Why Kajabi as the new DSP website platform?Mar 08, 2022
Kajabi?!?!? What the heck is Kajabi?
While most photographers choose to use WordPress for their website design or, perhaps, one of the many template-driven platforms that are now available (e.g., Zenfolio, SmugMug, etc.), I have chosen to take a different path -- one that fits in with my longer-term plans for DSP. The days of having a somewhat basic "portfolio" website are over for DSP. It's time for a fresh approach, and to differentiate.
It's also time to throw my hat into the on-line course arena.
After having my fair share of frustrations with my (previous) Zenfolio website, I decided to consider a new platform and, subsequently, a new direction for DSP. For over a year, I used the free Adobe Portfolio platform (that comes with Adobe's Creative Cloud subscription) to fill in the gap between my Zenfolio site and the Kajabi site that you are now on. The Adobe site served its purpose, but in my eyes, it was a weak representation of what DSP has to offer. This is why the new Kajabi site looks vastly different than what you may be familiar with over the past year or so or, even, the past two decades.
Early on in the process of developing a new DSP website, after a fair share of research, I made the executive decision to use Kajabi as my website platform of choice. So, what is Kajabi, you ask?
I often refer to Kajabi as the "Rolls Royce" of on-line course platforms. Since one of my main objectives with the new direction of DSP is to offer a variety of on-line photography courses, Kajabi was one of three or four platforms that I considered. After watching countless YouTube "review" and "comparison" videos, and attending an equal amount of webinars, Kajabi won the day, despite it being on the higher end of subscription costs.
Part of this decision was to go with a "self-hosting" platform for my courses, as opposed to something like Udemy or Teachable, where there are commissions to go with the sales of courses. Kajabi as a host is a paid subscription service, but Kajabi users have total control of their course proceeds, their website design (within the Kajabi plug-and-play templates), as well as their marketing. There are also countless other advantages that I see.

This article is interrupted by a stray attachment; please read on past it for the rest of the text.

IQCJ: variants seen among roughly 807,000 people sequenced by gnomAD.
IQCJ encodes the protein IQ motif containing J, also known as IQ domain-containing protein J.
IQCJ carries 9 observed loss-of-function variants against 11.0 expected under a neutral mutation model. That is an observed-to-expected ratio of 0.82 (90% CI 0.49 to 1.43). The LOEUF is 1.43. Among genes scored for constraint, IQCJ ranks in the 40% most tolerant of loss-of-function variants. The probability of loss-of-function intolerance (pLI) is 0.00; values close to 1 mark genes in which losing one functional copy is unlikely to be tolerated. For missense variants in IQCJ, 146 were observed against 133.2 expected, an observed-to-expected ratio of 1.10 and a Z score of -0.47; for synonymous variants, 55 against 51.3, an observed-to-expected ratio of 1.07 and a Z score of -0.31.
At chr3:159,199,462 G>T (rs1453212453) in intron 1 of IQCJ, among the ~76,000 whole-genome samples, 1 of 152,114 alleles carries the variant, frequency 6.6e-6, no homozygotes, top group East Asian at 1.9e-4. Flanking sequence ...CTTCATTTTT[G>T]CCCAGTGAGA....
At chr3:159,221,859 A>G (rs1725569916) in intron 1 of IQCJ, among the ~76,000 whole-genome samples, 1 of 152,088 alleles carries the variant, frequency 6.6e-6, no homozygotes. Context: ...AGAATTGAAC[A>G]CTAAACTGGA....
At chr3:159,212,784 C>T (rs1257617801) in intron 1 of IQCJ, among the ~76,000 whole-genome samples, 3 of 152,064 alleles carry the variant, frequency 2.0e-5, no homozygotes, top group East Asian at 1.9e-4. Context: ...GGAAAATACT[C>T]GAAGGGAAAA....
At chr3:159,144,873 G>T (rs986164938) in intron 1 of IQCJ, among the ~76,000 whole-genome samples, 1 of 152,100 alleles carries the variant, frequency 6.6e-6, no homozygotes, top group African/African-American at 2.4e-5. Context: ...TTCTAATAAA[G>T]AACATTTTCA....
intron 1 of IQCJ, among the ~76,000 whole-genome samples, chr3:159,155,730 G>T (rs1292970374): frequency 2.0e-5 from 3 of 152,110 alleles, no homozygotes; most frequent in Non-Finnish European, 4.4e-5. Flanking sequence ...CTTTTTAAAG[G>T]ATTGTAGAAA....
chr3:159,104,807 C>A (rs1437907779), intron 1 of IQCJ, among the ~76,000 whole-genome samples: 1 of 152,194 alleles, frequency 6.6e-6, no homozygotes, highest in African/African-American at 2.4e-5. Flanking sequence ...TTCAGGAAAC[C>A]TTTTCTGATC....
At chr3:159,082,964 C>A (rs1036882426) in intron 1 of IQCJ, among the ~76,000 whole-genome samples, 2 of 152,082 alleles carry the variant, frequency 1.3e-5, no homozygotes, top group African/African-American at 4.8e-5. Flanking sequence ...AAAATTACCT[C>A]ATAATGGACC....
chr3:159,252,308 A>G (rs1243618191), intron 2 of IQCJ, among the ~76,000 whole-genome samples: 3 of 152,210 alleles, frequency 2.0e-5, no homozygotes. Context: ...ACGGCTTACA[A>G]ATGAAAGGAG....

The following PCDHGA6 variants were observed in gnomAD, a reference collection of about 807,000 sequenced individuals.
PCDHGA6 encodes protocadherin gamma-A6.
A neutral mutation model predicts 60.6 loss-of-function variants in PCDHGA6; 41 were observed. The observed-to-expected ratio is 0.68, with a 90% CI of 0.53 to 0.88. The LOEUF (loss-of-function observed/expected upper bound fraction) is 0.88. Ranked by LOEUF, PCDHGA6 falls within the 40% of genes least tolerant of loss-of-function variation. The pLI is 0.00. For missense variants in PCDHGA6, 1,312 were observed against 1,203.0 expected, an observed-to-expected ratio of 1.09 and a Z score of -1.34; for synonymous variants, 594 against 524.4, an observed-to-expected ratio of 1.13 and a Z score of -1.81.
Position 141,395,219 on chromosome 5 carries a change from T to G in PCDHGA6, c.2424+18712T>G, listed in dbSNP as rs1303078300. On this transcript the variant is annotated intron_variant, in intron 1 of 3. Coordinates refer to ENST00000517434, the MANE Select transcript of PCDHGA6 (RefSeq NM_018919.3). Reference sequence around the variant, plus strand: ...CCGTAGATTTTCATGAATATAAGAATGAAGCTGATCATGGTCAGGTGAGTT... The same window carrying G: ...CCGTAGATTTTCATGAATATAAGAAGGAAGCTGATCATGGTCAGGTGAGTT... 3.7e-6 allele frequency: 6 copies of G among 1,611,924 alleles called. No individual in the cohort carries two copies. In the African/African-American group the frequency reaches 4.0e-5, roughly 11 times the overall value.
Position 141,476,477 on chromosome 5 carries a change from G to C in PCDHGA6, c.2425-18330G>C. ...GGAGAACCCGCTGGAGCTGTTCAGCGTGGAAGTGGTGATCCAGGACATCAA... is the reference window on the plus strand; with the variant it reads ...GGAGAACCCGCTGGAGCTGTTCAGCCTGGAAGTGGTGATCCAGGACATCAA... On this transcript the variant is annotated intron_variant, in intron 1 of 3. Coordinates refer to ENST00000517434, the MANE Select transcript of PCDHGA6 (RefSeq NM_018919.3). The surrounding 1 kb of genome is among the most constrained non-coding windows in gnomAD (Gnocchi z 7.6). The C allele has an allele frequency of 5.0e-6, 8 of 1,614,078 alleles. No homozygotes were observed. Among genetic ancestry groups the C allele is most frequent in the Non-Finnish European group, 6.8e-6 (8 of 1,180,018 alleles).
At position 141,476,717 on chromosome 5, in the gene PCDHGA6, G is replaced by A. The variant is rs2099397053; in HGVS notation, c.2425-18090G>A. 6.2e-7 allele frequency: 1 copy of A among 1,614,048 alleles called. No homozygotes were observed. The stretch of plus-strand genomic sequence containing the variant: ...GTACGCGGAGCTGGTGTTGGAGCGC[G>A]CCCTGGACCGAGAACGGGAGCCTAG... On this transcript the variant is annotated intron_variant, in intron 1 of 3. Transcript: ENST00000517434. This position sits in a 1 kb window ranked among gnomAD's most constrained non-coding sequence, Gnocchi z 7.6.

I actually took out my trial period in early 2021. And, here I am in early 2022, a full year later, finally enjoying the fruits of my labor. Make no mistake, as the Rolls Royce of such platforms, Kajabi can be a beast, and because of its customizability and power, has some inherent complexity. It's not that it's difficult to learn the back end; it's that there is so much to learn if you want to exploit all that Kajabi has to offer. Sure, you can make things very simple and crank out a website and a course or two in a few weeks or less. But, in the case of DSP, I'm actually using Kajabi for two distinct business services, namely, shooting and teaching. (My photo art is being offered on a separate satellite site.)
As I couldn't find a model site out in the interwebs to see how other photogs were tackling this challenge with Kajabi, I was left to blaze my own path and figure it all out for myself, while integrating my somewhat unique "storytelling" marketing strategy into a comprehensive website, all the while not making the site overly complex. I believe I succeeded, but my visitors and prospective clients will be the judge of that. Time will tell.
One thing I am sure of is that free educational and informational eBooks that are offered on the site can only benefit those who read them. Setting up the landing pages for these give-aways was a breeze, and it's all done within the Kajabi infrastructure. There is no need for a third party service for any of this, nor for much of anything with Kajabi. For me, apart from using the Calendly scheduler for my private instruction, and another platform for "drop-ship" prints, it has all I need and more.
Kajabi even includes a built-in contact management system, and can even be used as a CRM given the extensive ability to "tag" data. In short, Kajabi is more than just a template-driven website platform. It's a one-stop shop for all of my marketing needs. Good-bye MailChimp!
I guess the one thing Kajabi is lacking, and it wasn't a deal-breaker for me, is e-commerce capability for selling my art. Yes, there are work-arounds, and the capability to link the likes of Shopify, but these workarounds just don't fit in with what I want to do. So, in time, I will be launching a separate site for print ordering, and for displaying client galleries for my photo shoots. I will also use the site as a "stock image library" for the licensing of my work. At the time of this writing, I have not chosen a platform, but I do have three under consideration (Pixieset; ShootProof; and, Pic-Time).
If you like what you see on this DSP website, and you think that you may be interested in using Kajabi, please have a look via this link for a free trial.
Full disclosure, as a Kajabi member, I'm also an affiliate partner.
If you have questions about my Kajabi experience, please leave them below. Thanks!